I occasionally receive an e-mail telling me of an exciting new word that the writer has invented and asking how someone goes about getting a word in the dictionary. Once, when I explained that dictionaries generally contain words that are widely used already, I was asked how someone goes about getting his word widely used.
I am surprised at people who think words are properties traded about like books. A dictionary, of course, is a sampling of the words in a language picked out by a single compiler or a committee put together by a publisher. The words are already there.
From time to time henceforth I will examine a word that seems to be coming into being, beginning today with kinda. I think it is time we begin spelling this phrase as a single word even though its origin is the phrase “kind of”. A regional politician was quoted as saying, “…we’re all kind of in the same boat,” in this morning’s Sunbury Daily Item. I had problems digesting “of in” not to mention “all kind” rather than “all kinds”.
Obviously, we cannot analyze “kind of”; it has long since been an idiomatic phrase that must be taken as a whole. As a whole, the phrase means “rather, somewhat”, a meaning wholly unrelated to either kind or of.
But then I would be willing to bet good money (which today excludes dollars) that the congressman didn’t say “kind of” at all but “kinda”. If I am right, the reason he said “kinda” and not “kind of” is because kinda has already become an independent adverb.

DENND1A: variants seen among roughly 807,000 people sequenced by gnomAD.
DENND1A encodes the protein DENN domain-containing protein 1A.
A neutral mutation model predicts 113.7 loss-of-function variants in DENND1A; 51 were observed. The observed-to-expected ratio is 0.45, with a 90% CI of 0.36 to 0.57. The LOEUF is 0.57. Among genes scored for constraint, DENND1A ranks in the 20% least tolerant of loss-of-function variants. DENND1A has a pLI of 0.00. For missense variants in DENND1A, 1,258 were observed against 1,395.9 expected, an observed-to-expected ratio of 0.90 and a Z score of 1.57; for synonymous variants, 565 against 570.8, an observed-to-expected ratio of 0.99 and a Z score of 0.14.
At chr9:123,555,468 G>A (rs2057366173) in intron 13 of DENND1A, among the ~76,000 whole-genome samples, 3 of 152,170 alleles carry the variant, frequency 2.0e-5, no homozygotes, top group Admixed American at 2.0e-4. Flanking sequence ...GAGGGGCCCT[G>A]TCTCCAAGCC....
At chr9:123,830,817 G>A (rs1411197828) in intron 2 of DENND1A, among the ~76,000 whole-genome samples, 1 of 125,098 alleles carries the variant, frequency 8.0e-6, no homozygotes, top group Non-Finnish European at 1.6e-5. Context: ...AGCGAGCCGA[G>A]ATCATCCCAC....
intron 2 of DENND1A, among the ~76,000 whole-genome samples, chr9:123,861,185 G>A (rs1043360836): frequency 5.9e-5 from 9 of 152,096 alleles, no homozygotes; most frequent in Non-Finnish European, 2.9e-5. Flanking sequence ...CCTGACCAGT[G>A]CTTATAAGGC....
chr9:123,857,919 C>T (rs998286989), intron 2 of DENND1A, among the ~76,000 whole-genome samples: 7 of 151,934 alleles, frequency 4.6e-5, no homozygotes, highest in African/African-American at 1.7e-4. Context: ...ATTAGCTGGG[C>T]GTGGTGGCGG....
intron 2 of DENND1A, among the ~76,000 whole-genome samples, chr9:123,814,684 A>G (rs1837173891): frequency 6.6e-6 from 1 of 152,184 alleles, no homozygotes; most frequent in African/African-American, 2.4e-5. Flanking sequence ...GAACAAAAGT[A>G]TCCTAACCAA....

Notice that kinda has all the adverbial functions, modifying verbs (She kinda drank too much), adjectives (She looked kinda green), and other adverbs (She toppled over kinda awkwardly). You cannot make an adverb (*kindaly) or noun (*kindaness) out of it. (The asterisk is a linguistic symbol for words that don’t exist.)
So, it may be time to stop thinking of kinda as a misspelling and accept it as what it has become: an independent adverb. It then would have reached the state that friend-like reached when it began being written friendly. It is a normal transition that is going on all the time in languages and passes unnoticed in languages without writing systems. Once words are written though, problems arise since human (writing) habits change even more slowly than do languages.